Approximately 28 million East Africans are starving, and will face even more severe hunger if the region does not receive rainfall in March. This is the warning of Oxfam, a global social justice organisation.
Oxfam says further cause for worry is that commodity prices have been spiking as a result of the conflict between Russia and Ukraine, exacerbating already-intense food insecurity and malnourishment.
The organisation believes that the unfolding crisis in Ukraine may draw the international community’s attention away from the issues Africa faces, and thus will result in a delay in assistance.
“East Africa faces a profoundly alarming hunger crisis. Areas of Ethiopia, Kenya, Somalia, South Sudan and beyond are experiencing an unfolding full-scale catastrophe. Even if the rains do arrive this month, full recovery will be near impossible unless urgent action is taken today,” said Gabriela Bucher, Oxfam’s executive director.
“A massive ‘no regrets’ mobilisation of international humanitarian aid is needed now to avert destitution and to help the 21 million people already facing severe levels of hunger in the midst of conflict, flooding, and a massive two-year drought – unprecedented in 40 years – in countries across East Africa.”
Severely indebted governments
Increases in global food and commodity prices caused by Covid-19 were already eroding the options available to severely indebted African governments to address the mass hunger that afflicted their people.
However, the Ukraine crisis will have far-reaching additional effects, as it is already driving up food and commodity prices beyond the means of East African nations.
These countries buy up to 90% of their wheat from Ukraine and Russia. Food prices are beginning to rise as global trade in cereals, oil, transportation, and fertilizer is disrupted.
Last week, they reached an all-time high. The price of staple cereals in Somalia was more than double that of the previous year.
“In 2010-2011, similar spikes in food prices pushed 44 million more people worldwide into extreme poverty, and indications are that the food-price inflation happening now will be even worse,” Bucher added.
Ahmed Mohamud Omar, a pastoralist in Wager County, Kenya shared that the droughts have resulted in him losing donkeys to dehydration.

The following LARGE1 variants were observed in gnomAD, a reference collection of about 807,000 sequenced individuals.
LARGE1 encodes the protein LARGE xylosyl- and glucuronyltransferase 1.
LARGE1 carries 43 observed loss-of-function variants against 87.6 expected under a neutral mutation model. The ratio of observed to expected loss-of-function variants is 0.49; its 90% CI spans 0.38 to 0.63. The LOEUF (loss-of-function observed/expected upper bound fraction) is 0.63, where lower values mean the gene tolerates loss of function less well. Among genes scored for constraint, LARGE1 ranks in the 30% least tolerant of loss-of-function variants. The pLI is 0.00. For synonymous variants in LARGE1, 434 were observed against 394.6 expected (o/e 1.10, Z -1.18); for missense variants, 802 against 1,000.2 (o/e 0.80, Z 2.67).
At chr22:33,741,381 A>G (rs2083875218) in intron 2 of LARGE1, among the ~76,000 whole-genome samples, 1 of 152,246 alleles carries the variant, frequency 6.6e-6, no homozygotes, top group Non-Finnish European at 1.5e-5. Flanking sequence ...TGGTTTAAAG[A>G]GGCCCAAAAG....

“Due to the droughts our donkeys have perished and the ones remaining are too weak to pull carts. My only tuk-tuk is now parked idle because I can’t afford its fuel. I no longer have my camels or goats, I think about what will my family eat, where will their next meal come from, whether I will get the daily jerri can of water,” he said.
The humanitarian response is inadequately underfunded, despite the dire need.
Yet, only 3% of the $6 billion UN humanitarian appeal for Ethiopia, Somalia, and South Sudan has been funded. Kenya has only received 11% of the UN’s flash appeal so far.
“The world cannot again talk itself into inertia as people are pushed into extreme food insecurity. To not act now would be immoral and a dereliction of the humanitarian imperative,” said Bucher.
How countries are impacted by drought
- In the first quarter of 2022, almost 13 million people in Ethiopia, Kenya, and Somalia were displaced in search of water and pasture. Conflicts forced millions of others to evacuate their farms and homes, particularly in Ethiopia, where 9.4 million people now require immediate humanitarian assistance.
- The region has been hit by the greatest locust epidemic in 70 years, as well as flash floods that have displaced almost a million people in South Sudan.
Kenya’s crop output has dropped by 70%, and the country has declared a national calamity, with 3.1 million people facing acute famine and in desperate need of assistance. In Kenya, about half of all households are forced to borrow food or purchase it on credit.
- In Somalia, more than 671,000 people have lately left their homes due to a catastrophic drought that has affected about 90% of the country. Almost half of Somali children under the age of five will be severely malnourished as a result of this.
- Ethiopia is experiencing its highest level of food insecurity since 2016, with 3.5 million people in the Somali region alone facing serious water and food shortages. Almost a million livestock animals have died, leaving pastoralists completely reliant on herding for subsistence. Women share us heartbreaking stories of skipping meals in order to feed their children.